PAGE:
British Reformers Propose Ban On Pointy Kitchen Knives

300px-Chef's_KnifeWhat will happen to Col. Mustard in the dining room with the kitchen knife? It is not just Clue aficionados that will be effected by a new reform being proposed in England, pointy kitchen knives may soon be a thing of the past. A group associated with West Middlesex University Hospital is proposing a ban in the British Medical Journal on pointy kitchen knives as unnecessary from a culinary standpoint and downright dangerous from a crime standpoint.

The proponents of the ban insist that the ready availability of pointy kitchen knives are fueling injuries, particularly in cases involving alcohol and drugs where they are used as weapons.

220px-Chinese_and_old_North_American_cleaversThe group interviewed 10 top chefs around England and none of the chefs described pointy knives as essential. They said that they could use small pointed knives instead that threaten a far less serious wound in an attack. There does remain of course the question of the cleaver which resembles a medieval weapon.

The group notes that 24% of 16-year-olds have been shown to carry weapons, primarily knives. I doubt though that those are kids carrying kitchen knives, which leads to the question if other knives like camping knives will also be banned.

One fact that I was not aware of was that the French ordered table and street knives ground smooth in the 17th Century and that blunt kitchen knives were decreed in England in the 18th Century. We have seen a steady stream of kitchen knife attacks like this one where the availability of the knives combines with momentary rage.

For many, the proposal is a continuation of England’s reputation as a growing “nanny state.” We have previously discussed (here and here and here and here) some English laws that do appear to micromanage the choices of adults in that country. Previously we saw how scissors were being regulated at English library in fear of people stabbing each other. This proposal does raise the interesting question of why kitchen knives have to be pointed. I can see an educational campaign to encourage people to move away from the use of such knives, but is a prohibition warranted?

Ironically, the move will be cited by NRA advocates who have long argued that once guns were regulated, advocates would move to control kitchen knives. The argument was treated as absurd but this proposal is now picking up steam inside and outside England.

220px-GlennalexPutting aside the personal choice issue, there is also the question of what Hollywood will do without the ever present kitchen knife to use in movies like Fatal Attraction. Somehow the blunt butter knife is not going to cut it, even in the hands of a furious Glenn Close. Of course, Gwyneth Paltrow showed how a meat thermometer can be a perfect substitute in A Perfect Murder.

So what do you think? Is it time to disarm Col. Mustard . . . or if we outlaw kitchen knives, will only outlaws be able to chop and mince effectively?

Source: BBC

34 thoughts on “British Reformers Propose Ban On Pointy Kitchen Knives

  1. Who thinks that the NRA may have funded this “study”? Good grief. In a country where employers are forcing workers to accept “no hour” contracts, this is what some people are worried about and studying. Misplaced effort.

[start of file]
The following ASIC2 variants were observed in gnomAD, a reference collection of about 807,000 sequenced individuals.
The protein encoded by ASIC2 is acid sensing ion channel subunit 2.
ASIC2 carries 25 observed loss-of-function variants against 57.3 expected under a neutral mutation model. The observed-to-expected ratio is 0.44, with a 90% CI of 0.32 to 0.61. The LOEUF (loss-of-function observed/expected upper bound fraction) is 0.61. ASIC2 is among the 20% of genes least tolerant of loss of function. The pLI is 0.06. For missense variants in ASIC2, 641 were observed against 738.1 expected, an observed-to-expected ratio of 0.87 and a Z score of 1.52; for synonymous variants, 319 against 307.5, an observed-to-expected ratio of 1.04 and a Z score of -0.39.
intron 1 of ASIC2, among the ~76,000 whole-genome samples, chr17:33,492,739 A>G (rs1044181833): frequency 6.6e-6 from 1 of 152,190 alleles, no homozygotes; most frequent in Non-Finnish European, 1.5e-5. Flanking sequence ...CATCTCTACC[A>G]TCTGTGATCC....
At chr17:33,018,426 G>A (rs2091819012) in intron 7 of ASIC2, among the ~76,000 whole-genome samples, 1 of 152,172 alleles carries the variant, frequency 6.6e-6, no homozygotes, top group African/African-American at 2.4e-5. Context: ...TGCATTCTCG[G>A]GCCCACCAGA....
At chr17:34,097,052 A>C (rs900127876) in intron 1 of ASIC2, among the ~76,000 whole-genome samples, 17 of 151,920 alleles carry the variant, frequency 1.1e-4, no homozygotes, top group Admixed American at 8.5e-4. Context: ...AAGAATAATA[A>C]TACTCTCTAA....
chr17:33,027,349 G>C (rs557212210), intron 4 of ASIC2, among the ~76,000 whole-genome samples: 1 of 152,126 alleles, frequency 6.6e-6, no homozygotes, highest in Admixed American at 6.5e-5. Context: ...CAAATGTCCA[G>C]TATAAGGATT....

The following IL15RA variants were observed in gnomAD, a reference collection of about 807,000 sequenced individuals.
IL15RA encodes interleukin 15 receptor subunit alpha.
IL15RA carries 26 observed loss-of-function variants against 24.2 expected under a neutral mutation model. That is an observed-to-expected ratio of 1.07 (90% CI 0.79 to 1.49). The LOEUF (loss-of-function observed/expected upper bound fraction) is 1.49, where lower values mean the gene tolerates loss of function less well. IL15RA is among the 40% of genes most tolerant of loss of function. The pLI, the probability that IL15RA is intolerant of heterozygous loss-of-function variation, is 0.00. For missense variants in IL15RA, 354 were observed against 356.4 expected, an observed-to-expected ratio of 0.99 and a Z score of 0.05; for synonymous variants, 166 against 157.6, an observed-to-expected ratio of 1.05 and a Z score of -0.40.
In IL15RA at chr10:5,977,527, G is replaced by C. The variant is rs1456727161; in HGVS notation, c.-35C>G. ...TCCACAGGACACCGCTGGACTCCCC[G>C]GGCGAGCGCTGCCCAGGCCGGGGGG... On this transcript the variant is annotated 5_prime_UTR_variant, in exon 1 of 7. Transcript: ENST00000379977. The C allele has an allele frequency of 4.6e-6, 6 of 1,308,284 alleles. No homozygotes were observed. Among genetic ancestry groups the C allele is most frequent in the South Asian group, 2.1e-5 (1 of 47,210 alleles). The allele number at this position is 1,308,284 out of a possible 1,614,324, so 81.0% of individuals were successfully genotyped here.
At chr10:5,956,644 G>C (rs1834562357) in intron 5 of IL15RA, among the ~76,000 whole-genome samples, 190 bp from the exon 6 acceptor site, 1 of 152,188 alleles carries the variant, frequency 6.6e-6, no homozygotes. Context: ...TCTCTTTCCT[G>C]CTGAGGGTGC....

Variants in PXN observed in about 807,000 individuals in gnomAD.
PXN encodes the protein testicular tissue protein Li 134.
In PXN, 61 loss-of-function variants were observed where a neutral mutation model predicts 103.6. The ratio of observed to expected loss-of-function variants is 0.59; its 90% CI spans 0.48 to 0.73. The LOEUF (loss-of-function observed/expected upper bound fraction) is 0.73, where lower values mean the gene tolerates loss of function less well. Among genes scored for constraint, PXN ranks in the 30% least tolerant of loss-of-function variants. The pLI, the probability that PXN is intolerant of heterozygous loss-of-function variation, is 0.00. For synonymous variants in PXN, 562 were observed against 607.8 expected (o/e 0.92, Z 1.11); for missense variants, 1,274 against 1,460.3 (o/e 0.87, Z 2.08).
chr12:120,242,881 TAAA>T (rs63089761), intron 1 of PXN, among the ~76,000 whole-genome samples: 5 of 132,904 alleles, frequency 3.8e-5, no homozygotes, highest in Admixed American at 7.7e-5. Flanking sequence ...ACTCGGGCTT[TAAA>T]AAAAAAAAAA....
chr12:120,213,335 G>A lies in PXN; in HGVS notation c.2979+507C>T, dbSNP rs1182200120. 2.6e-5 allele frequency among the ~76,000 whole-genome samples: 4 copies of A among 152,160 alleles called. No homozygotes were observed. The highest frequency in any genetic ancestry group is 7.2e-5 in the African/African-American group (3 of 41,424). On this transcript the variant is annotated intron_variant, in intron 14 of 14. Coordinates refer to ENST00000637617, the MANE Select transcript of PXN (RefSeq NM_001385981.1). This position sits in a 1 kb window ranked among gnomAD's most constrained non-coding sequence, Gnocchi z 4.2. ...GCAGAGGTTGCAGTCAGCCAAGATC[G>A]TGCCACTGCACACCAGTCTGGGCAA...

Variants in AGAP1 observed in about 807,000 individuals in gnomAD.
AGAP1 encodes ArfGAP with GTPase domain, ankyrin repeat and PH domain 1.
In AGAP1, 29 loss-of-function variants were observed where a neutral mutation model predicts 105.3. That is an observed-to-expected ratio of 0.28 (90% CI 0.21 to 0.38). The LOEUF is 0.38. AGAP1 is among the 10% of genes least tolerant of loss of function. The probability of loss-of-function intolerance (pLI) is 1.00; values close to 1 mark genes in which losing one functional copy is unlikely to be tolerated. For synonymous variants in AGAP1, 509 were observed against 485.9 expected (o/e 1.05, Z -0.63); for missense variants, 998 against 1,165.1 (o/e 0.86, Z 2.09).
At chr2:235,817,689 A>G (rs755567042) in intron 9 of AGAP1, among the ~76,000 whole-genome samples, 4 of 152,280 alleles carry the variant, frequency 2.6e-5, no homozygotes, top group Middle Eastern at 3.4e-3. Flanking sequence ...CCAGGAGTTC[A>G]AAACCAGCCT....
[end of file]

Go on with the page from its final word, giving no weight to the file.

2. Every try to open a foil-sealed pack of medication with a butter knife?

    Wondering if in the rush to make us all safe, we are polluting the gene pool with undesirables that would normally die off due to sheer stupidity and bad luck, thereby passing inferior genes down the human chain of life. Survival of the fittest allowing for the best adapted mutation to carry on may give way to survival of all and ruin any chance for us to look like David McCcallum in the Outer Limits episode, “The Sixth Finger”:

  3. So the British will now need a special tool for making small holes in roasts to insert garlic (or whatever). What’s next, mandate that we all must wear only paper gowns in case we feel like hanging ourselves?

  4. I thought the English got over that with the repeal of the Act of Proscription (19 Geo. 2, c. 39) in 1782. The Act was passed shortly after the battle of Culloden Moor in April 1746, Scots were not allowed to have pointy knives…..or bagpipes. Those were considered “weapons of war” as well.

    And what Catullus said. How do they expect one to open a child proof medicine package with its nearly indestructible Mylar cover, which seems to be glued down with Super Glue?

  5. If I am ever in need of medical attention in the UK, I will make sure that I avoid that so called hospital that only uses butter knives for their surgeons. Or maybe they have all their surgical knives registered with the government to ensure that no unauthorized person gets hold of one. Fortunately, this is only a fringe group that thinks that we need more laws to provide for public safety to an absurd degree.

    As I pointed out once before, just see what happened to smoking. First it was no smoking areas, then it went to complete bans. Now some places are outlawing smoking in ones home and car. So the NRA fear is not paranoia at all. One has to use common sense in our laws and set limits, but unfortunately legislators are not prone to such things since demagogy is a surefire way to get headlines and votes. I do think that background checks for ALL gun purchases is a common sense measure that we do need.

    Poor Alfred Hitchcock must be spinning in his grave. If Pycho did not generate a ban on knives, I don’t think that this group will be any more successful.

  6. I heard about this movement 5 years ago, I thought it absurd back then and thought it had stabbed itself with its overreach. I guess I thought wrong.
    This is a symptom of a extremist pathological groupthink.
    There is a phenomenon in the mind, that is emergent when a person concludes that some principle is absolutely true in some limited context, then it must be true in all contexts.
    So, in this example, pointy knives are bad in some circumstances, blunting pointy knives is good, conclusion: blunting all pointy knives for everyone is all good for everyone.